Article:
The Canterbury District Health board is delighted the Ministers of Health and
Economic Development have approved the establishment and funding of the New
Zealand Health Innovation hub.
The Hub will involve a small team of clinical leaders and commercialisation
experts, based in Canterbury and the three metro Auckland District Health
Boards. Dr Helen Lunt has been appointed as Canterbury’s Clinical Director
Innovation to lead the southern arm.
The Hub’s projected cost is around $24 million over five years, with the
Government committing $3 million to the project and the balance made up of
public and private sectors.
David Meates, Canterbury District Health Board chief executive, says the
Health Innovation Hub is about connecting the health system with industry in
development, validation and commercialisation of health technology products and
“The Canterbury Health System is thrilled to be a part of this exciting
initiative,” Mr Meates says.
“They will provide services to help develop ideas generated by clinicians or
industry into business propositions, products or services.”
The foundation stakeholders are Counties Manukau, Waitemata, Auckland and
Canterbury District Health Boards.
It will also have association relationships with universities, Crown Research
Institutes and industry groups.
The Hub will have a central executive and independent governance board, an
advisory panel of internationally recognised experts to advise on the commercial
and clinical viability of each business case.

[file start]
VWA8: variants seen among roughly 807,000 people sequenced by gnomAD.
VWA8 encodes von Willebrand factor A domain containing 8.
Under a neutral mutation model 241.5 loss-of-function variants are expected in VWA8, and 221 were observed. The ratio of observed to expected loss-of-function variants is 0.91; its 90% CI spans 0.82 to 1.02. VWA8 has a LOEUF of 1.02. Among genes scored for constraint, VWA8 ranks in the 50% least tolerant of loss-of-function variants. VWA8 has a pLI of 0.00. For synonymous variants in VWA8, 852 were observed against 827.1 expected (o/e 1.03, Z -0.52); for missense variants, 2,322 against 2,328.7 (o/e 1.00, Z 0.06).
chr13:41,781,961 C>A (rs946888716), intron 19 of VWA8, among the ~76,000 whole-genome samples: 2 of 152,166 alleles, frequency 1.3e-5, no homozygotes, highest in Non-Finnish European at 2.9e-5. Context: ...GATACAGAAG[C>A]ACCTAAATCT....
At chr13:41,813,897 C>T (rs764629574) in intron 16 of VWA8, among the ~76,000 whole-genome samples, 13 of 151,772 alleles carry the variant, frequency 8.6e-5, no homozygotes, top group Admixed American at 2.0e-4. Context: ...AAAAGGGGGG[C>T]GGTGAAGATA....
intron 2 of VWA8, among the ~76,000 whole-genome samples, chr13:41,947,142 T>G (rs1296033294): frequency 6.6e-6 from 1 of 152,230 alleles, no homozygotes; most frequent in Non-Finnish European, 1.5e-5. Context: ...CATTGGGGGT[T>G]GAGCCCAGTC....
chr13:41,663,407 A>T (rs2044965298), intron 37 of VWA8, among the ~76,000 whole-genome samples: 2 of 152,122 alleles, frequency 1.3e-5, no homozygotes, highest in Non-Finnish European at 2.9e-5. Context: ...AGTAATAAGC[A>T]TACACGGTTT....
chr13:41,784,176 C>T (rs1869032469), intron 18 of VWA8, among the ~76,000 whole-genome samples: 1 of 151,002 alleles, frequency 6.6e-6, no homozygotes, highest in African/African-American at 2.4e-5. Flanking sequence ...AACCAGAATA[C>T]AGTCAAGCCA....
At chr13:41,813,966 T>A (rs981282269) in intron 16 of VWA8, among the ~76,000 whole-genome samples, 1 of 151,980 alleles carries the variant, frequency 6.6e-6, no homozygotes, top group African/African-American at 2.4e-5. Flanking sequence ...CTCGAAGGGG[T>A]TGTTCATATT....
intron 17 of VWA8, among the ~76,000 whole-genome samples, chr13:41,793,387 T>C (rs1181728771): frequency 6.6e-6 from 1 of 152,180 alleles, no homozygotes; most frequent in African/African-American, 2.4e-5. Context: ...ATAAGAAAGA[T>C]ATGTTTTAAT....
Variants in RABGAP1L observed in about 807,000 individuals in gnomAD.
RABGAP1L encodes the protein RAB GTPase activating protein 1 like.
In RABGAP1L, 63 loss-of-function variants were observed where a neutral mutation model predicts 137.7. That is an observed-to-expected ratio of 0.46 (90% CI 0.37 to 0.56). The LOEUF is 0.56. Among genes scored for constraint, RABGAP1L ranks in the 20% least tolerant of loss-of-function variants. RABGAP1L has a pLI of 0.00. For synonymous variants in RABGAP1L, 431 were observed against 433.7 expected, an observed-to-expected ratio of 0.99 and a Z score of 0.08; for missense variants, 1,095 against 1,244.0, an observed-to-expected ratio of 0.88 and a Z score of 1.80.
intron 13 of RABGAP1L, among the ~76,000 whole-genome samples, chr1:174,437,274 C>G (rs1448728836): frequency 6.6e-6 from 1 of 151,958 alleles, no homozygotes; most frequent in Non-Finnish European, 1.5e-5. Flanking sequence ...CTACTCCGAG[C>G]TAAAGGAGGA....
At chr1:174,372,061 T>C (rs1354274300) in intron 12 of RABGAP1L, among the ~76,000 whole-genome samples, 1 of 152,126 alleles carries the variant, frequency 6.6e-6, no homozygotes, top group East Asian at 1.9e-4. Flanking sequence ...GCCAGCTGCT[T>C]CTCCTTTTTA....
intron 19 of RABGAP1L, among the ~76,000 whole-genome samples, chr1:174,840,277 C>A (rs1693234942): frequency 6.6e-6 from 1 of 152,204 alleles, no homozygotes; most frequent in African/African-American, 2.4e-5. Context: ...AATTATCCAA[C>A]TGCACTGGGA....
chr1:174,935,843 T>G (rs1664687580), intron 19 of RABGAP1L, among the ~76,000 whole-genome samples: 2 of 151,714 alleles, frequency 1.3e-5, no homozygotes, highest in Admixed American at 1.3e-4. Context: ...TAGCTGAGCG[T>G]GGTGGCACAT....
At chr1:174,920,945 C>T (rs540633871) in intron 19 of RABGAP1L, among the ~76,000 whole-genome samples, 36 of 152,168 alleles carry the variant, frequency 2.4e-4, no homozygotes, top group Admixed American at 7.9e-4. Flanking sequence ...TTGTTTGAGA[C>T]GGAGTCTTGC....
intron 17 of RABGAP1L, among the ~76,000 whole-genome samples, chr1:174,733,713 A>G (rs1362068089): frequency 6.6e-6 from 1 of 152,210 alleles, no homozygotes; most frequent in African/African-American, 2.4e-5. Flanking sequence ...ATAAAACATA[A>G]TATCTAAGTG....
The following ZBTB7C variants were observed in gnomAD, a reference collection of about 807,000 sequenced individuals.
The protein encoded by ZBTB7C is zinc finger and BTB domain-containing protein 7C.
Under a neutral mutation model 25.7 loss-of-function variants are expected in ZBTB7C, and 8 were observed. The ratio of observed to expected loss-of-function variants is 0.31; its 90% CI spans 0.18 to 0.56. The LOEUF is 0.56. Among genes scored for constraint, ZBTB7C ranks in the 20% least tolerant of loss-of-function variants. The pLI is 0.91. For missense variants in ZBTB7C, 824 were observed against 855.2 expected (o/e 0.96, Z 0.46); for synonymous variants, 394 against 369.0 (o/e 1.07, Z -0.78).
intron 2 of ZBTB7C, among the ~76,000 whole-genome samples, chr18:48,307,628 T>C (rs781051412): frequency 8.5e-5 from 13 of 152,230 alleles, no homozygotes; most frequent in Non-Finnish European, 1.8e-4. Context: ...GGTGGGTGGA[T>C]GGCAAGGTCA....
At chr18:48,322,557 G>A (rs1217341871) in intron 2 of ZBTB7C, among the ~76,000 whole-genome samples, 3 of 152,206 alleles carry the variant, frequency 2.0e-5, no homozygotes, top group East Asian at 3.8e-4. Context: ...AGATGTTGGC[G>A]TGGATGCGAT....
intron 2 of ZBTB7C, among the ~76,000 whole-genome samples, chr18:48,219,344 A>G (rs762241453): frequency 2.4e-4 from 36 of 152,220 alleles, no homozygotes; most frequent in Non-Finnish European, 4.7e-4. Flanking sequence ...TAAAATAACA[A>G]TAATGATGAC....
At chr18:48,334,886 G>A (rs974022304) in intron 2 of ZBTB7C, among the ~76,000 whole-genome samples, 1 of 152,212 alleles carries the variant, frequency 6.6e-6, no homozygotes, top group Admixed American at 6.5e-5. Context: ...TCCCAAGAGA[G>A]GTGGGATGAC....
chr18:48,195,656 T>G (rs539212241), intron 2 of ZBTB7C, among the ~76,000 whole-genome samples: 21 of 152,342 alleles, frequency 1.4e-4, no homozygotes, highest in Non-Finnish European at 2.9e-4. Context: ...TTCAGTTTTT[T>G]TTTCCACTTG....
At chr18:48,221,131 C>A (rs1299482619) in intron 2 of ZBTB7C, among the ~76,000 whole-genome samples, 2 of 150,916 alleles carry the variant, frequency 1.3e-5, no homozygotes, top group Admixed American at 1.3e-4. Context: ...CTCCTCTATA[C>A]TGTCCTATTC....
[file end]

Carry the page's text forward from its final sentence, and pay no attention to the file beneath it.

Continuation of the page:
The Hub will provide three types of services:
Testing and reference site services: It will assist international and
established domestic companies to collaborate with clinicians to develop and
test new products and services. This will include large scale clinical trials
and also reference site testing, demonstrating the effectiveness of new products
and services in a DHB setting.
Commercialisation of Intellectual Property: Staff will work with business,
researchers and clinicians to identify and screen projects, help refine the
concepts and facilitate access to market research because of diligence,
commercialisation and investment expertise.
Distribution of Service Improvement Intellectual Property: Innovation in
models of care and health services forms valuable IP, which is currently trapped
in various pockets of the New Zealand health system. Hub staff will assist in
identifying projects and help package ideas for distribution amongst the
National Health Board and Health Quality and Safety Commission across the New
Zealand health system and potentially for international sale.
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